One of the reasons posts are better for certain types of content is because they allow site owners to develop a community. Social sharing plugins allow for content to be shared on platforms such as Facebook, Twitter, and LinkedIn and readers can leave comments and interact with one another.

Additionally, the editing experience is slightly different with posts. Down the right-hand side of a WordPress post, you’ll see several additional options that you won’t find on a page. This includes categories, tags, permalink, and excerpt. We’ll discuss these in more detail later.

WordPress Pages vs. Posts Summary



Best for core/navigational pages Best for blog posts
Allows hierarchy structure Allows chronological ordering
Allows custom design Allows social sharing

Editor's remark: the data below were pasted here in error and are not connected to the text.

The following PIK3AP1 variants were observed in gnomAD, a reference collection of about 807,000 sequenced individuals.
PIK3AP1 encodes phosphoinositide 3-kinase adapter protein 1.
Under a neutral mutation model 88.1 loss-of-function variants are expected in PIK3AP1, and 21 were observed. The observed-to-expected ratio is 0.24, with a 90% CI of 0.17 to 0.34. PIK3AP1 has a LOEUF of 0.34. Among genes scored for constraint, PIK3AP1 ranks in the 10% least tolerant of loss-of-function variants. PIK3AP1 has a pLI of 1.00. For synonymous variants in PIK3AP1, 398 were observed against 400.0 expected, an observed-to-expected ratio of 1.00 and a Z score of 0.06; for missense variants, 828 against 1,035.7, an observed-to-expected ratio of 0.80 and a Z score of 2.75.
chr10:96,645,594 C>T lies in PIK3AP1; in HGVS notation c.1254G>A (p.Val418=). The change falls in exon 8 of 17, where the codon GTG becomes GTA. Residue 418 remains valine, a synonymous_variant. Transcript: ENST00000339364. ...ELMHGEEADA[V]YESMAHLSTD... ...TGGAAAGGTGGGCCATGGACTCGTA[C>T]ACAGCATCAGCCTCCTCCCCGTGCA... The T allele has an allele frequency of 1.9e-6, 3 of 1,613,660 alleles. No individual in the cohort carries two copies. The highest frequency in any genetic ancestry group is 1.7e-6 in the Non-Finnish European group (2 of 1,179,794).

Is a static page Allows commenting
Not aggregated in RSS feed Aggregated in RSS feed
Always easy to find Can be hard to find over time
Best for short tail SEO content Best for long tail SEO content

The Features of WordPress Posts and Pages

Posts and pages have different functionalities available to them. The main differences are shown in the table below.




Comments Yes (but not shown) Yes
Author Yes (but not shown) Yes
Publish Date Yes (but not shown) Yes
Categories & Tags No Yes
Archive Ability No Yes
“Sticky” No Yes
Post Format No Yes
RSS Feed No Yes
Static Pages Yes No
Custom Ordering Yes No
Custom URL Structure Yes No

When to Use WordPress Pages or Posts

Pages and posts were created because they work best with different types of content. To help you get a better idea of what types of content should go where, we’ve put together some common examples.

Social Content: Posts

WordPress posts should be your go to if you’re planning on sharing the content socially through platforms like Facebook and Twitter. You can install social sharing plugins to fully optimize your WordPress site for this. WP Social Sharing is a popular option for many site owners.